Wellesley’s energy demand often peaks in September when folks are back from summer holidays, students are back in school and heat waves continue. This September is no different and the Town of Wellesley is sending out an energy demand alert to all residents, schools and companies for this Thursday, September 7th.
What is a peak energy demand alert?
Watch this video to learn more or read on.
ISO New England (Wellesley’s regional electric grid system operator) assesses all retail utilities like Wellesley’s Municipal Light Plant (WMLP) a “capacity” charge to cover the costs of ensuring there is enough electric power capacity to meet the anticipated annual peak demand. This capacity charge is based solely on the town’s total energy use* during the ONE annual peak hour on the grid. This charge is added to the wholesale energy (kWh) cost that WMLP pays for one full year. In recent years this charge accounted for about 37% of a customer’s total energy charge. (*Energy use is the kWh charge you see on your bill, and includes generation, transmission and capacity charges.)
Thus, when it's hot and many of us have our air conditioners running on top of other everyday appliances pulling energy, the demand is high. The good news is that since Wellesley started alerting residents, building owners and operators, as well as the schools, we have been successful in reducing energy demand during peak loads. Voluntary peak alerts resulted in reducing demand by 450 kW last summer, resulting in savings of about $23,000 to the WMLP.
Why is it important to YOU?
Every Mhw saved, saves Wellesley Municipal Light Plant money and that savings gets passed to its customers: you. Yes, reducing energy during peak load results in financial savings that are passed along directly to WMLP customers in reduced energy charges on your bill. Plus, the dirty little secret is that it's not just about saving energy and money, but about improving air quality for poor, BIPOC communities. Learn more here.
What can you do? Here are 4 easy tips.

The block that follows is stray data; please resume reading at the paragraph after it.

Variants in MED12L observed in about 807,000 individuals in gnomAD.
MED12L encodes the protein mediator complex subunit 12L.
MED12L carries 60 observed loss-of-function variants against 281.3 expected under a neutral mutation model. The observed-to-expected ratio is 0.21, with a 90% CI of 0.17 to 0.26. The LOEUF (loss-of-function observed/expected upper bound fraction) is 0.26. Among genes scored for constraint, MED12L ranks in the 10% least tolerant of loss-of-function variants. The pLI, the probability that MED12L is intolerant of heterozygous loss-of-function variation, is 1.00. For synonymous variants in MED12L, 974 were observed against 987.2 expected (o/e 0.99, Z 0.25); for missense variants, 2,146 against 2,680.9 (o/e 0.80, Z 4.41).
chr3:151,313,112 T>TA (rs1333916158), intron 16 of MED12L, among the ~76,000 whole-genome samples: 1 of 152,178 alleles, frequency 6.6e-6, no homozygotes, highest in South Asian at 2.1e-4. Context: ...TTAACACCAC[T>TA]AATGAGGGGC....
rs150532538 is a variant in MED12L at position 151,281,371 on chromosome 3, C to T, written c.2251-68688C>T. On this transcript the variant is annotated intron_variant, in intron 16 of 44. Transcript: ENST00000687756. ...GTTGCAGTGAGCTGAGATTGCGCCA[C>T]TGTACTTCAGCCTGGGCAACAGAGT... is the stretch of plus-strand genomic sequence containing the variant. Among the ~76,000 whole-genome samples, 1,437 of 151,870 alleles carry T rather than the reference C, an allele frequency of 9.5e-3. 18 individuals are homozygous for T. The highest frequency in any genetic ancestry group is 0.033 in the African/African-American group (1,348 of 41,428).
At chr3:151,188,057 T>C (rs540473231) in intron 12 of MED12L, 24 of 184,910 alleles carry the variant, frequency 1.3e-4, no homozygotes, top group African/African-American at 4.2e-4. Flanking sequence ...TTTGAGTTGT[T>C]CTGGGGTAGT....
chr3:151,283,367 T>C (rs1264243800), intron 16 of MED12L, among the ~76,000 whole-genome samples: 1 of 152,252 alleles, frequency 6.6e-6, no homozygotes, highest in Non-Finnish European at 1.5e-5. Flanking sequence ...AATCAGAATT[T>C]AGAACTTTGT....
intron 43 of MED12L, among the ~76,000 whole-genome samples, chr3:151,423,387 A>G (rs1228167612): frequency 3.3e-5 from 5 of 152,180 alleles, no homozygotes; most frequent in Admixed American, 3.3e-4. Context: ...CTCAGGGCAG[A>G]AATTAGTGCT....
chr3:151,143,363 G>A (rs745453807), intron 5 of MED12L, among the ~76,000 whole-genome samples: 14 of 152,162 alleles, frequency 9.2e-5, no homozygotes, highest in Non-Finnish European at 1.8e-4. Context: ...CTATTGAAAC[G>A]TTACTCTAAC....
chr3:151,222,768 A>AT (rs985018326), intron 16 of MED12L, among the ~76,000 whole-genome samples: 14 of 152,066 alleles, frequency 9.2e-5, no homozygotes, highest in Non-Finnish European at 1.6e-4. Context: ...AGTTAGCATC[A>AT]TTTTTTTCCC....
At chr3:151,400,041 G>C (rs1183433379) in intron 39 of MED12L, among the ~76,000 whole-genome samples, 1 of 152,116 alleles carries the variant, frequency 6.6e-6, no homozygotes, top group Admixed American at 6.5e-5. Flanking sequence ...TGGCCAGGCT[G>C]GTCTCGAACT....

1) Simply be aware of Peak Demand and what the best times to use energy are: weekdays before 4pm and after 8pm, and on weekends.
2) Manage your energy use. Appliances that heat or cool like dryers, air conditioners and heat pumps, electric cooktops and ovens, use a lot of power. So do car chargers. Plan to shift your non-essential usage on weekdays to before 4pm or after 8pm. If your cooktop range and oven are electric, consider grilling or eating cold meals on peak demand days. This can mean pre-programing or manually adjusting air conditioners, thermostats, or heat pumps to run a few degrees higher during warm days.
3) Talk this up. Tell neighbors, friends and family members about the importance of limiting energy use during peak demand hours. Let them know it impacts our local communities in terms of the environment, cost, and health, especially of economically disadvantaged communities where many ‘peaker plants’ are located. All of our small changes can have a big effect when adopted on a large scale.
4) Sign up to get peak demand notifications and heed the alerts. You can sign up here for notifications.
Providing enough electricity to meet the relatively few peak days that occur each year has important environmental and economic impacts. The whole community benefits with lower rates and lower polluting emissions when we manage our energy demand and reduce usage during peak times. For the good of our community, we all need to be smart about our energy use.